From FT Alphaville:
A ‘Phillips’ view of the euro
This guest post is from Michael O’Sullivan, chief investment officer for Europe and emerging markets at Credit Suisse Wealth Management…Previously:
Well before he was celebrated for his work on the link between unemployment and inflation, Bill Phillips built an extraordinary machine that pumped coloured water through glass vessels in order to demonstrate how money flows around an economic system. Levers in the machine permitted users to simulate the effect on the system of fiscal policy changes and such was the intuitive appeal of the machine that major universities like Harvard and Oxford ordered their own versions.
In today’s algorithmic, QE driven markets such a machine might seem well out of place, but now that the Greek situation has reared its head, again, and with some politicians in Europe campaigning on the basis of euro exit, policymakers in Brussels could do a lot worse than build their own version of Phillips’ machine. Indeed, such a contraption might aid a much needed period of introspection into the workings of the euro and may shine light on the areas missed by the rather tame 2015 Five Presidents Report.
In the spirit of Phillips’ machine, picture the euro-zone as a system where liquidity passes through nineteen different vessels, at different speeds and causing very disparate pressures on each of them. A few like Greece, are too weak economically and politically to withstand these pressures.
More broadly, it is now clear that in the absence of counter balancing mechanisms or safety valves, a common monetary policy can have a different impact on say, the Portuguese economy as compared to the Finnish one. This much was clear in the early 2000’s when a monetary policy that was set for a recovering German economy granted negative real interest rates to Ireland and Spain, where banks and consumers then deployed cheap cash with vigour.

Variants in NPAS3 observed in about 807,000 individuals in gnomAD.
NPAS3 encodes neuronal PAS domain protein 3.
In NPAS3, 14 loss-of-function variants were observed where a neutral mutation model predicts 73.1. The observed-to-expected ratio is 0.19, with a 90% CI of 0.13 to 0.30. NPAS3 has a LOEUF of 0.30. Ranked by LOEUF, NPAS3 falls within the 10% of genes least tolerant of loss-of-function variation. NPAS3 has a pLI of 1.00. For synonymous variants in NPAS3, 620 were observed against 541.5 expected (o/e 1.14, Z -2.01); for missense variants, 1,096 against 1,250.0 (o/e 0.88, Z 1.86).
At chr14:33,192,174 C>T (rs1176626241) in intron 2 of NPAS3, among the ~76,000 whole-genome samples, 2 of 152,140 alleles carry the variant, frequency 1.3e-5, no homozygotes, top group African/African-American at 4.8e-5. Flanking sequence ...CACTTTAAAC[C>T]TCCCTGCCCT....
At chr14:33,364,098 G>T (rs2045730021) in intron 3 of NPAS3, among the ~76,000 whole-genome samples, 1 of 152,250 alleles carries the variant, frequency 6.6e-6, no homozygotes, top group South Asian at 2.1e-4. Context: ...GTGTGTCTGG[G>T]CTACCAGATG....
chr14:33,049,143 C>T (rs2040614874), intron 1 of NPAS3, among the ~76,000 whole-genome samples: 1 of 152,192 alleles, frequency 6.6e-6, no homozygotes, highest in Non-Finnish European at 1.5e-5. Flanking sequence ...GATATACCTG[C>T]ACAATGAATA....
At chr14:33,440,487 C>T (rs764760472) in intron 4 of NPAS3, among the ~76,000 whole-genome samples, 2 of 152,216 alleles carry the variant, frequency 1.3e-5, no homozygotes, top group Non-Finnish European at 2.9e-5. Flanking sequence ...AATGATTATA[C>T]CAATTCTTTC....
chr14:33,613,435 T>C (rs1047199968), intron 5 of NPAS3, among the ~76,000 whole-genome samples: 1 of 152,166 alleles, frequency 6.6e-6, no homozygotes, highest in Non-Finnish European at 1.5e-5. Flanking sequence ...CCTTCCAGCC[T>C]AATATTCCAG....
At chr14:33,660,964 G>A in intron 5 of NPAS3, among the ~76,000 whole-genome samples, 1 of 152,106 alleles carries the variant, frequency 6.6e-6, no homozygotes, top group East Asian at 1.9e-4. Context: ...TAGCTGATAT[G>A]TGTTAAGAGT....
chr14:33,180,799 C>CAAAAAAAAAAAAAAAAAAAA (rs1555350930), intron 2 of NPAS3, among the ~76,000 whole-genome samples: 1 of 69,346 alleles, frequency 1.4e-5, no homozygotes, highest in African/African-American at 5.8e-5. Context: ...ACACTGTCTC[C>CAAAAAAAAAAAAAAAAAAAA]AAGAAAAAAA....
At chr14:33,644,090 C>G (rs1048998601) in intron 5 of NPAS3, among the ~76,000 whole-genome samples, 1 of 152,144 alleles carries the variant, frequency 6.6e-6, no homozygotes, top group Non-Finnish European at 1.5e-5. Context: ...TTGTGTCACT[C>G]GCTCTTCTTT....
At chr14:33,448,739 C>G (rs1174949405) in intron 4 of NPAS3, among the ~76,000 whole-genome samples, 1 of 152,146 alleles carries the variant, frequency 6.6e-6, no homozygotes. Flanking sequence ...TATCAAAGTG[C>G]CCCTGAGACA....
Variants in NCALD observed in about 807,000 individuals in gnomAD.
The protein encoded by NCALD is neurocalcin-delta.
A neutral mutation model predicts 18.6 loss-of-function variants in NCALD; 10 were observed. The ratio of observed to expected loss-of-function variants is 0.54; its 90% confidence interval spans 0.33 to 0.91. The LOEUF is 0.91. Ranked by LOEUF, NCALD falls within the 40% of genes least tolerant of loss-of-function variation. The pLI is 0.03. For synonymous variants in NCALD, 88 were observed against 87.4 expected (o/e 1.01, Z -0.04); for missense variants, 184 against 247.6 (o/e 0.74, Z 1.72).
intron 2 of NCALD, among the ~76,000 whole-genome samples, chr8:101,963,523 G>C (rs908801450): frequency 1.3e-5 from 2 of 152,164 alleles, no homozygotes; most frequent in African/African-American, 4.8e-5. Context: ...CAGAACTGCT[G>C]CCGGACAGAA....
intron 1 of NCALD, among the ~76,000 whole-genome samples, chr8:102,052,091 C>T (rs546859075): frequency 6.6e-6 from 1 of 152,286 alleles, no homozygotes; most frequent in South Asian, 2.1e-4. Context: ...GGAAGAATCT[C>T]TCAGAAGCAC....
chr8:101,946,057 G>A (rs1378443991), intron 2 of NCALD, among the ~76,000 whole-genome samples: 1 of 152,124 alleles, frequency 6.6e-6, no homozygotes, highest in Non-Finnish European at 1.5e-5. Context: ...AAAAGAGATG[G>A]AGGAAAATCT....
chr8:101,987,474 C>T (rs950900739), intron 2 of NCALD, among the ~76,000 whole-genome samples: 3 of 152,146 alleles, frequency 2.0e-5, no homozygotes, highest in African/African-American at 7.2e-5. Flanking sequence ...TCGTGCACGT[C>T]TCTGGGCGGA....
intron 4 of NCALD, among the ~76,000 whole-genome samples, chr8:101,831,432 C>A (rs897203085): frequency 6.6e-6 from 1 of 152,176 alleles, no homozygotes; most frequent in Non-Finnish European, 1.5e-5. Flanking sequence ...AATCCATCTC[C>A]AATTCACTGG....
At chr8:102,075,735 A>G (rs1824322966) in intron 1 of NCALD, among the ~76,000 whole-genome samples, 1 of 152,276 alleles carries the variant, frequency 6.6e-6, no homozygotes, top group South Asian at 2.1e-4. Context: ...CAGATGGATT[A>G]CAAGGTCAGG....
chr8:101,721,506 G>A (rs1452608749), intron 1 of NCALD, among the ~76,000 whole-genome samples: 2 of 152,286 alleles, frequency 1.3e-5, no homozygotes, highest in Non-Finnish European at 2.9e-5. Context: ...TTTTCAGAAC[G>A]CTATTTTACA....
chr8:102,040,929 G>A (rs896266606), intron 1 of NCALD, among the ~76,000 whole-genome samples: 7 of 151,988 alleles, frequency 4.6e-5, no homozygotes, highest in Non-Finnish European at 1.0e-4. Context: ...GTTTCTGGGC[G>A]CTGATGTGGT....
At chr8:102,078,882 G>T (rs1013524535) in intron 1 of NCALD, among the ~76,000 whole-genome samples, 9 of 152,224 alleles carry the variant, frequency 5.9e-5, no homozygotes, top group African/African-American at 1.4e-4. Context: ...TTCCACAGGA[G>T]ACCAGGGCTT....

In this respect, the engineers of the euro need to figure out how to accommodate a single monetary policy within different economies. The Commission should consider the inveterate Greek crisis as a warning to resist the urge to further expand euro membership and smother its adherents with fiscal uniformity. Instead they must cleverly redevelop the way it is engineered so that it is harmonious within its existing member economies and transmission mechanisms within thin these.
There are at least ways in which this can be done, the most important being fiscal policy. The principal suggestion here is to revise the restrictive set of fiscal rules to give more emphasis to a framework where national governments have fiscal flexibility. Importantly, they would be bound by the advice of independent fiscal councils and through restrictions on debt issuance, to run fiscal policies that are on balance countercyclical to euro-zone monetary policy and that are economically productive rather than political in their aim. Using fiscal policy to complement monetary policy would help to ensure the euro-zone’s economies, especially the smaller ones, do not become ‘too hot’ or ‘too cold’ in the fashion of Bill Clinton’s ‘Goldilocks’ economy.
This would also demand plenty of policy innovation at the macro-prudential level and euro-zone countries like Ireland could fine tune their structural recovery in this way. Doing so in a structured way, rather than say populist ‘moral suasion’ makes more sense and would permit greater policy engagement in how the moving parts in a small open economy work together. Ideally, a body like the national central bank should oversee the transmission of lending to households, in a way not unlike it did before the euro. Additionally, instead of harmonising fiscal rules, the EU may want to harmonise the processes required to set up a new business, or create a quicker pan-European approach to this.
There is a second engineering challenge facing the euro version of the Phillips machine, which is that very different levels and forms of indebtedness mean that a common monetary policy flows in distinct paths across euro-zone economies, or in some cases doesn’t flow at all. Here the EU might look to China where the authorities have ordained a program of financial restructuring that privatises much of the debt held by local and national authorities....MORE
Like Phillips, Irving Fisher Was a Plumber: Hydraulic Models of the Economy
The computer model that once explained the British economy (and the new one that explains the world)
And here's the latest incarnation:
The second schematic is from a post on GE's Mark I nuclear reactor at ZeroHedge!